1. We grab the URL using getURL()
  2. We read in the data using read.csv() (or read.table() ) via the textConnection() function.
library(RCurl)
# Store base url (note the secure -- https:// -- url)
file_url <- "https://raw.githubusercontent.com/jennybc/gapminder/master/inst/gapminder.tsv"
# import the url
gap_data_url <- getURL(file_url)
# grab the data vis textConnection
gap_data <- read.csv(textConnection(gap_data_url), sep="\t")
head(gap_data)
##       country continent year lifeExp      pop gdpPercap
## 1 Afghanistan      Asia 1952   28.80  8425333     779.4
## 2 Afghanistan      Asia 1957   30.33  9240934     820.9
## 3 Afghanistan      Asia 1962   32.00 10267083     853.1
## 4 Afghanistan      Asia 1967   34.02 11537966     836.2
## 5 Afghanistan      Asia 1972   36.09 13079460     740.0
## 6 Afghanistan      Asia 1977   38.44 14880372     786.1

Note that the textConnection() function tells R that the data that we are accessing should be read as a text file. We are not going to use these functions in this example given the data import just fine using read.csv().

Data Tip: The syntax package::functionName() is a common way to tell R to use a function from a particular package. In the example above: we specify that we are using getURL() from the RCurl package using the syntax: RCurl::getURL(). This syntax is not necessary to call getURL UNLESS there is another getURL() function available in your R session.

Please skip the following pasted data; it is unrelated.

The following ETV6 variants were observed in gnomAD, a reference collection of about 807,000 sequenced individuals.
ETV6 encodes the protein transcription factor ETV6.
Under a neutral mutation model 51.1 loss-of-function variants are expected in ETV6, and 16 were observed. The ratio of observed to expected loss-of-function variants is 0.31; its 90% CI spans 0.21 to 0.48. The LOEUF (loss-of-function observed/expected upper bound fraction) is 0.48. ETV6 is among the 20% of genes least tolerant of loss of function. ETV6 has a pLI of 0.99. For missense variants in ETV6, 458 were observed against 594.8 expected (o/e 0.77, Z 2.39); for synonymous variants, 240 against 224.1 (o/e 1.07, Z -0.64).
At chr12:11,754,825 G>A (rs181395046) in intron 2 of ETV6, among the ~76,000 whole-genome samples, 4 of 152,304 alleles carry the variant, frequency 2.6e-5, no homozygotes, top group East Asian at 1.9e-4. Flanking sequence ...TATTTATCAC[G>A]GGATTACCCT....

Gapminder Data

Let’s grab a gapminder data subset from a secure URL located on a GitHub website. The Gapminder data, contain a suite of census-like metrics that describe global development. The data are ideal to experiment with when learning about plotting and working with data in a tool like R.

@jennybryan provides an R package to access the Gapminder data for teaching. However, we will instead use RCurl to get it from Jenny Bryan’s Github Page to practice using RCurl functions.

# Store base url (note the secure -- https:// -- url)
file_url = "https://raw.githubusercontent.com/jennybc/gapminder/master/inst/gapminder.tsv"